Dec 4, 2013
12:19 PM
Arts & Entertainment

Tom Rush, 1960s Godfather of New England Folk Music, Comes to StageOne in Fairfield Dec. 8

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Ben Taylor recently told me he won't even record a song until he's played it for a year.

There's pluses and minuses to that. I would record it right away, and then record it in a year and see what happens. Because there's an energy when something's brand-new—it's like first love—and then you fall into a routine with a song, and you're not as aware of it. There's an energy that goes out of it. You gain some finesse and polish, but sometimes polish is not good. Jim Rooney, my producer on my last studio album What I Know—which I think is my best work—his genius is he has a great system in his brain for detecting that energy. And it doesn't matter if it's perfect. If you make a mistake it doesn't matter, as long as it has that energy that engages the listener. That's more apt to happen with a brand-new song.

Are there any young folk artists on the scene right now that excite you?

There's a whole lot of them, and I actually haven't been paying attention the way I should. But I'm working on another show for Symphony Hall Dec. 28. The people on my email list have got a head start for tickets. I should plug my email list, by the way—I try to keep them entertaining and apparently I've succeeded, because I've got some loyal readers out there. It's a thinly veiled mechanism for selling stuff to people, but it starts out with a story about this or that.

But in putting this show together, so far we've got Jim Kweskin and the Jug Band with Maria Muldaur and Geoff Muldaur, and Patti Larkin will be there. And we'll be auditioning and checking out up-and-comers, There's some really astoundingly talented people out there. Two of my favorites, neither of whom were available for the show, are a young woman named Sara Jarosz—she's quite wonderful—and a young guy named Chris Thile, a mandolin player who does Bach and bluegrass. He's quite astounding in his technique and craftsmanship. [Ed. note: Rush's guests will now include Sarah Lee Guthrie—Arlo's daughter—and Johnny Irion.]

You've performed with Elvis Costello.

Yes, on "Prairie Home Companion." It was fun. Backstage, I told him, "I brought you a copy of my latest studio album," and he said, "Oh! Thank you! I had one at home and meant to bring it for you to sign."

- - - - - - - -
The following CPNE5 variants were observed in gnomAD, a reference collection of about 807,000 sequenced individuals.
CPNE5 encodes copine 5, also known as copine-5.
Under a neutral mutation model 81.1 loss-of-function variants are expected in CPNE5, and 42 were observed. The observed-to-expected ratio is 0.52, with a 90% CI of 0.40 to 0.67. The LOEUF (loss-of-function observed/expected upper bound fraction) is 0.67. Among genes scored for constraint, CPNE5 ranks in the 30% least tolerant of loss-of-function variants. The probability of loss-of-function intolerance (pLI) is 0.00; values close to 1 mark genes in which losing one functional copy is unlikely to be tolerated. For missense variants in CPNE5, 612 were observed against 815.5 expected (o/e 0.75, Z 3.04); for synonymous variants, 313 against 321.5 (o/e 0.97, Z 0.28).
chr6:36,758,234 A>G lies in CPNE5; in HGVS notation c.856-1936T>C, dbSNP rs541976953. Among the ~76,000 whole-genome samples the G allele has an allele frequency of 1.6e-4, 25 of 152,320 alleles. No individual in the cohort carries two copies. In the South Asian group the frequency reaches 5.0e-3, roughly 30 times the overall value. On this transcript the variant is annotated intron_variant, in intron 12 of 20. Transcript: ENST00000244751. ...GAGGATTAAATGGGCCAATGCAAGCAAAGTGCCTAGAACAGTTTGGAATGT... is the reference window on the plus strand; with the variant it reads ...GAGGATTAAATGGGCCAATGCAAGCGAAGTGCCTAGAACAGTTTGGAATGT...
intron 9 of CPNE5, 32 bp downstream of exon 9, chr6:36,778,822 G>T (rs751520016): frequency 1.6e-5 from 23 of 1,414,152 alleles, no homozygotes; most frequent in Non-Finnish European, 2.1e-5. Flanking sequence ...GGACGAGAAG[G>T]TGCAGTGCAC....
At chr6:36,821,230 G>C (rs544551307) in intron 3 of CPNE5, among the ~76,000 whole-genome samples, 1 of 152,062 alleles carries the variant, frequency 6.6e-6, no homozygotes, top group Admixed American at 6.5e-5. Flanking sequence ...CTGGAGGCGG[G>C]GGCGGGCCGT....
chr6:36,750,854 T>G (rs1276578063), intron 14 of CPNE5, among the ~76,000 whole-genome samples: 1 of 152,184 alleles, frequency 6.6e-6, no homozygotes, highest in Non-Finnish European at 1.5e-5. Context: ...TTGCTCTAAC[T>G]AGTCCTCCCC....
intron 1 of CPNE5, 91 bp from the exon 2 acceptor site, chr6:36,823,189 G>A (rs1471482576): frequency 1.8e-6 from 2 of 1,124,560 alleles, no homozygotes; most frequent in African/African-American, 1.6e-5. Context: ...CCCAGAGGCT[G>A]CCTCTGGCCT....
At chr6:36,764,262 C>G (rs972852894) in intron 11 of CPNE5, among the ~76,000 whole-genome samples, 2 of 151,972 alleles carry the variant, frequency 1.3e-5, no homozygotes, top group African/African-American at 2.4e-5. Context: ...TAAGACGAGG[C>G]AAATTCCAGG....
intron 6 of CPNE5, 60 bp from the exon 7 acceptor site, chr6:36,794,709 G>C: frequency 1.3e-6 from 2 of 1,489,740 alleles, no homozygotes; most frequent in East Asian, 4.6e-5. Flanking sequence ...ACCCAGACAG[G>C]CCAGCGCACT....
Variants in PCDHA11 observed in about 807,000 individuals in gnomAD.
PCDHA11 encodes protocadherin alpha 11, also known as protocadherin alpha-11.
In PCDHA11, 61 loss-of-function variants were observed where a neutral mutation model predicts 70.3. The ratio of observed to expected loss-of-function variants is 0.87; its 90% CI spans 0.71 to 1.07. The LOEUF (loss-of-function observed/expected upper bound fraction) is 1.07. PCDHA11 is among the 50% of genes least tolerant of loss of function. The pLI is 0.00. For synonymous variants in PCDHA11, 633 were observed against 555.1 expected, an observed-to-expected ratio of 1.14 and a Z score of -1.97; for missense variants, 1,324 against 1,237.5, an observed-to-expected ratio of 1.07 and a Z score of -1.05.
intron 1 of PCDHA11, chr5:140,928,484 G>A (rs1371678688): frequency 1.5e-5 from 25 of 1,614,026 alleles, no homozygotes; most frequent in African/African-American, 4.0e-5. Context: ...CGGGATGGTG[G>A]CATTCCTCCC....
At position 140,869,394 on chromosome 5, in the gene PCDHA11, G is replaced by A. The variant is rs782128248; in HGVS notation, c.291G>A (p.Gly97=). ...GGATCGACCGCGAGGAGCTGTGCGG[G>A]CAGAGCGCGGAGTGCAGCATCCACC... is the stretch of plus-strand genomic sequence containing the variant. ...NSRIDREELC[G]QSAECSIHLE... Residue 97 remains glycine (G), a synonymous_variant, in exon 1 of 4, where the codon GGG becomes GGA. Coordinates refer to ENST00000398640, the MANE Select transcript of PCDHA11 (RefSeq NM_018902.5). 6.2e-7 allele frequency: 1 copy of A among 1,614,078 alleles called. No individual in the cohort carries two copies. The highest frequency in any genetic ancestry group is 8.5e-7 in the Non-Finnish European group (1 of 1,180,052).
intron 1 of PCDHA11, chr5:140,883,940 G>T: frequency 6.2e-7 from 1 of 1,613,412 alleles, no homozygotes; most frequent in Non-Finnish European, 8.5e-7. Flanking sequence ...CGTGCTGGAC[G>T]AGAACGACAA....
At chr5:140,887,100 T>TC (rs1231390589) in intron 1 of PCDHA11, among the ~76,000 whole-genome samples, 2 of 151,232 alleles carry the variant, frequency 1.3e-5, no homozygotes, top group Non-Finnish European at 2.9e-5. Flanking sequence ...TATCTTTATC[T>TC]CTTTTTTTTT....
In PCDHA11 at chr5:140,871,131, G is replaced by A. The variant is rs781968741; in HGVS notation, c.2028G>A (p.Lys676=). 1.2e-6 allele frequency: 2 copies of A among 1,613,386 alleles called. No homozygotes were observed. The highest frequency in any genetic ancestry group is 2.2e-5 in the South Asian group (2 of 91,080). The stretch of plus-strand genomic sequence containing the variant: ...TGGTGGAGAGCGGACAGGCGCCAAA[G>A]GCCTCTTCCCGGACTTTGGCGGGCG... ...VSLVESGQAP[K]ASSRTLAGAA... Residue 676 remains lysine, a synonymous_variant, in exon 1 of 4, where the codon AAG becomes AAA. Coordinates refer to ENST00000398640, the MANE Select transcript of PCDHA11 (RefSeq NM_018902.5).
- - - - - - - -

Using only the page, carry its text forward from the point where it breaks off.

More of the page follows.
And on your website there's a photo of you hanging with Bono.

We go way back. No, not really. He started doing the chorus to "No Regrets" in his stage shows, as a tag to a song called, "Sometimes You Can't Make It On Your Own." I saw an interview with him where someone asked him, "I see your doing a little bit of 'No Regrets.''' He said, "Oh yeah"—Scott Walker, the genius of the Walker Brothers, had had a huge hit with 'No Regrets' in England, and apparently Bono thought Scott Walker wrote it. So, I figured I had to set that straight. So I went to a show U2 did in Phoenix, when my son and nephew were both at Arizona State in Tempe. I got invited to the afterparty and hung out with the band a little bit. They're very down-to-earth guys; I was impressed that The Edge came down and plunked himself between my kid and my nephew, both with torn jeans and hats on backwards, and actually had a conversation with them. I thought that was cool.

The Walker Brothers' version of "No Regrets" was a huge hit in Britain. It actually ticked me off because it struck me as a note-for-note cop of my recording for Elektra, with the same soaring guitar solos. I wasn't so much annoyed with them as I was with my record company—if they could have a hit, why couldn't I? But the cover version put two kids through college. Then the Walkers did a retrospective album later, that they titled "No Regrets," and that again was a huge hit. And off of the Walker Brothers' recording came a bunch of other covers: Midge Ure of Ultravox did a heavy metal version, which was so ponderous. There was also a hip-hop version. The group had a hit with it and disbanded.

I understand your wife, Renée Askins, is also a writer.

She is. She's written a book, Shadow Mountain, about the 15 years she spent getting wolves restored to Yellowstone Park; she was very central to that successful effort. A bunch of guys had written books about the project, all from a very male perspective, using lots of combat analogies and imagery. Renée's book is from the women's perspective—what did it all really mean and why was it important. She's not encouraging to people who want to have wolves as pets. We were getting lots of mail from people who do. Hybrids are particularly dangerous, because with a worl, at least you know you have a wild animal, and you know how they're wired—they move through the hierarchy by challenging the top dog, so pretty soon your wolf is going to try to take you. And it's very sudden—the animal will be totally lovable and delightful until one day, it'll take your face off. Then the animal is put down, and somebody's kid is hurt. It's a really bad idea. With purebred wolves, it's fairly predictable; with hybrids, you don't know what you got. It's like leaving a loaded gun around the house.

Tom Rush, 1960s Godfather of New England Folk Music, Comes to StageOne in Fairfield Dec. 8

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